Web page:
Richland rate payers can expect their electric bills to go up in January by at least 8.9 percent for homeowners and up to 20 percent for some commercial and industrial power customers.
The city council learned Tuesday that various factors are driving the need to increase rates, but most of the increase is because of unavoidable costs from the Bonneville Power Administration.
Bob Hammond, director of Richland Energy Services, said the "cost of services" analysis completed in May by FCS Group showed retail energy rates have to go up an average of 14 percent so the city's electrical utility can meet expenses while continuing to deliver power to customers.
But the increases will vary according to customer classes and the demand.
Sign Up and Save
Get six months of free digital access to the Tri-City Herald
Hammond said terms of a new power agreement with BPA are prompting the increase.
That agreement has a tiered rate structure, which triggers a higher cost of wholesale power when the amount delivered exceeds a set amount.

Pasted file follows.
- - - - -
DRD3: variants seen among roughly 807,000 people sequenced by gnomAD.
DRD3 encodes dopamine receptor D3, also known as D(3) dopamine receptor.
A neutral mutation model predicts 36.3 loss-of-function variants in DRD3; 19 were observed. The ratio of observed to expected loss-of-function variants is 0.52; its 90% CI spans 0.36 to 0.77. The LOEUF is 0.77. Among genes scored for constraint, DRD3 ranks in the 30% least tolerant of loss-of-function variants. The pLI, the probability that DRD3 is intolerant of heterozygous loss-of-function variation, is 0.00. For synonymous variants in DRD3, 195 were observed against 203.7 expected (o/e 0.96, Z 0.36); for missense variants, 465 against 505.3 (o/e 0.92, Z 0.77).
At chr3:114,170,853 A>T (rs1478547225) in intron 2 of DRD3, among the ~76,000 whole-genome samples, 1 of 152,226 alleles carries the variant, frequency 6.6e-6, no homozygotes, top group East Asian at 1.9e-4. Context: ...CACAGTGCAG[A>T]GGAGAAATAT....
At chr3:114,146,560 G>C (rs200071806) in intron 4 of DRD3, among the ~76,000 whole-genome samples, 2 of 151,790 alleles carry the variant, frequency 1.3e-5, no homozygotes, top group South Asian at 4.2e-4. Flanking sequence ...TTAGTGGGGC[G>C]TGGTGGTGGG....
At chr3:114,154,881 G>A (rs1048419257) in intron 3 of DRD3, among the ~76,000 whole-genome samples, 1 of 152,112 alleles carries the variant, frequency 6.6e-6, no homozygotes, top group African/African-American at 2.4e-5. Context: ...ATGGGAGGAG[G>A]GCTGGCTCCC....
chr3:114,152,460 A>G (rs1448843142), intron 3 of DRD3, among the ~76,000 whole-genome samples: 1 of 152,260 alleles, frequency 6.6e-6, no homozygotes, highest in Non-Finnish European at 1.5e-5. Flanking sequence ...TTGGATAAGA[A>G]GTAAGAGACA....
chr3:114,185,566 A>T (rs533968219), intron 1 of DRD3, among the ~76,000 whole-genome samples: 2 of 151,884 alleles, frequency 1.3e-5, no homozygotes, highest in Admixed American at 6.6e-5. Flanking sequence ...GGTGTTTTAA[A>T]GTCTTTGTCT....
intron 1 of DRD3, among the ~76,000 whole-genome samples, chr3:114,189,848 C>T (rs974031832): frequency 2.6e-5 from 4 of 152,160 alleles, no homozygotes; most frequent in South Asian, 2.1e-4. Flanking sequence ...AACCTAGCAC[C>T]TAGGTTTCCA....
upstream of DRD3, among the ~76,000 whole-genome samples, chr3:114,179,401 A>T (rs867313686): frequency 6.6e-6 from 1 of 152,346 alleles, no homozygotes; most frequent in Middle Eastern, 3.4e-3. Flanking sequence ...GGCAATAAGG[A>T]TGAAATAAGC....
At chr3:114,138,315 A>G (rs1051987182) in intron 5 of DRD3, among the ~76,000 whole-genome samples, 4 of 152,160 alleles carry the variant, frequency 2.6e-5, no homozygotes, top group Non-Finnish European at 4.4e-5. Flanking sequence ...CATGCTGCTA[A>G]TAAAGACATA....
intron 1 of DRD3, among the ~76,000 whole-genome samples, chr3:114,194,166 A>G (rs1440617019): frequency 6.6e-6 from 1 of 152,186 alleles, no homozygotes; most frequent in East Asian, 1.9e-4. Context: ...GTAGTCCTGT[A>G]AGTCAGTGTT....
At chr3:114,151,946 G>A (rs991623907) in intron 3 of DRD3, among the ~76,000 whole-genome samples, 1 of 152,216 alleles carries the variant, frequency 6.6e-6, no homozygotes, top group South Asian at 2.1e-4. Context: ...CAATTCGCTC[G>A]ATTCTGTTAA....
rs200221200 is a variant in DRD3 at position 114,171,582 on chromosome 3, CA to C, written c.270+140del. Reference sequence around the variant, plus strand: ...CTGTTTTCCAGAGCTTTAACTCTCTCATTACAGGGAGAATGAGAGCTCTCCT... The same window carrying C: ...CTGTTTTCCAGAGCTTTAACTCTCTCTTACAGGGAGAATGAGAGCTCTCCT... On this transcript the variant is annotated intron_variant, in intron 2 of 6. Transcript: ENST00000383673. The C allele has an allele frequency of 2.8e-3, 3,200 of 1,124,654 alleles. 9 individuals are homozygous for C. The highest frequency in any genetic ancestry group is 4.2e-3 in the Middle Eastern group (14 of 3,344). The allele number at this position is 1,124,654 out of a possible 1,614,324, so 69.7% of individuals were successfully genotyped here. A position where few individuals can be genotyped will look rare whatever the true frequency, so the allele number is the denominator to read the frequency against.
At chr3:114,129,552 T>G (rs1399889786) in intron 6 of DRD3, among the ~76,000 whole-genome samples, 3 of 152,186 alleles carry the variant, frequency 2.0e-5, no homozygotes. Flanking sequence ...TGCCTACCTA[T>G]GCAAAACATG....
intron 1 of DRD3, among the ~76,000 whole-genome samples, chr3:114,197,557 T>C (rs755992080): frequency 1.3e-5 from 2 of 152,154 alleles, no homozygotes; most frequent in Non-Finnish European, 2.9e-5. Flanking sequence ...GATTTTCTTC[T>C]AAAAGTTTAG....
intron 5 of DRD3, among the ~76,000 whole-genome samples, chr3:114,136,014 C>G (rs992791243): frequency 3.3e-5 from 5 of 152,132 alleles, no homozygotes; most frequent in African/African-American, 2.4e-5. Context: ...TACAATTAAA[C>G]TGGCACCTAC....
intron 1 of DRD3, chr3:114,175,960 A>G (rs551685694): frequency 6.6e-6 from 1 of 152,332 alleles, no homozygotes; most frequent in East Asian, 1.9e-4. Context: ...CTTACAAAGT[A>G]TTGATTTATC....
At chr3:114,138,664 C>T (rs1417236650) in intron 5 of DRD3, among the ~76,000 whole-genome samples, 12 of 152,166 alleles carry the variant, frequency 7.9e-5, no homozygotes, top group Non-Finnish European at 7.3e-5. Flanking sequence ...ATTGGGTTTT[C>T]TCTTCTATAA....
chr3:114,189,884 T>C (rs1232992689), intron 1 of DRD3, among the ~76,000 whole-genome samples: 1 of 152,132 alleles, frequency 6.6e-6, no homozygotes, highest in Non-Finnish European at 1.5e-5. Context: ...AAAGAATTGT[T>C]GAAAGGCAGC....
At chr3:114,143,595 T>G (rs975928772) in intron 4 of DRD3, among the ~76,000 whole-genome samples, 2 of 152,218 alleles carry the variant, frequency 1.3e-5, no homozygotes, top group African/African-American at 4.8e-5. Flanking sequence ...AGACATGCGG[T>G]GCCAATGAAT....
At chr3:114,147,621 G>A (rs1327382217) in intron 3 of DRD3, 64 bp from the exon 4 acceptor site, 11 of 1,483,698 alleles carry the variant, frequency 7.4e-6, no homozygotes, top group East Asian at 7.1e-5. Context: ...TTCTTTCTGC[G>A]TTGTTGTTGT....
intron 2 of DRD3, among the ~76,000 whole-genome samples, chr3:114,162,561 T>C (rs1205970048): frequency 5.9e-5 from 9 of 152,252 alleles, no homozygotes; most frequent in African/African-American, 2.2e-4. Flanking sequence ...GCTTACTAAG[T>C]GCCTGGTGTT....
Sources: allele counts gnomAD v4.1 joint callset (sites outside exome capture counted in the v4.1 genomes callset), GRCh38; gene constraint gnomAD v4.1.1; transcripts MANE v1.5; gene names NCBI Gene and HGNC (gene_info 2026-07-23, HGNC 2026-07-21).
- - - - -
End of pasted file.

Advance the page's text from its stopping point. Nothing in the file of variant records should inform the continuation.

As a result of the two-tiered rate system and the expected growth in energy demand in Richland, Hammond is expecting a 21 percent increase in wholesale power costs from 2011 to 2013.
Hammond said residential rates were projected at 12 percent, while large industrial customers would face even higher energy bills if the city wasn't willing to shift money on the short-term to whittle down the charges.
A final decision won't be made until the fall, after Richland's Utility Advisory Committee meets in August and gives its recommendation to the council.
Hammond has proposed there be a 20 percent cap on rate increases, which would apply to small businesses, small industrial enterprises and any other category where the potential increase could exceed 20 percent.
Without the cap, security lighting would increase 28 percent, small general service energy costs would go up by 23 percent and small industrial power consumers would experience a 33 percent higher bill.
But the biggest hit would be for street lighting, where costs would almost double with a 45 percent jump.
Hammond said the "cost of service" analysis indicated there would be an $8.75 million revenue deficit without a rate increase.
The municipal utility provides about $35 million a year in retail power.
Hammond noted that Richland utility charges, which were set in 2004, are out of alignment with BPA's two-tiered rate structure.
But even with an increase of up to 20 percent, with the cap imposed, Richland's utility still would have lowest electrical rates in the region, Hammond said.
The council will begin considering a proposed rate schedule in September, and a pubic hearing with possible adoption likely would occur in October, Hammond said.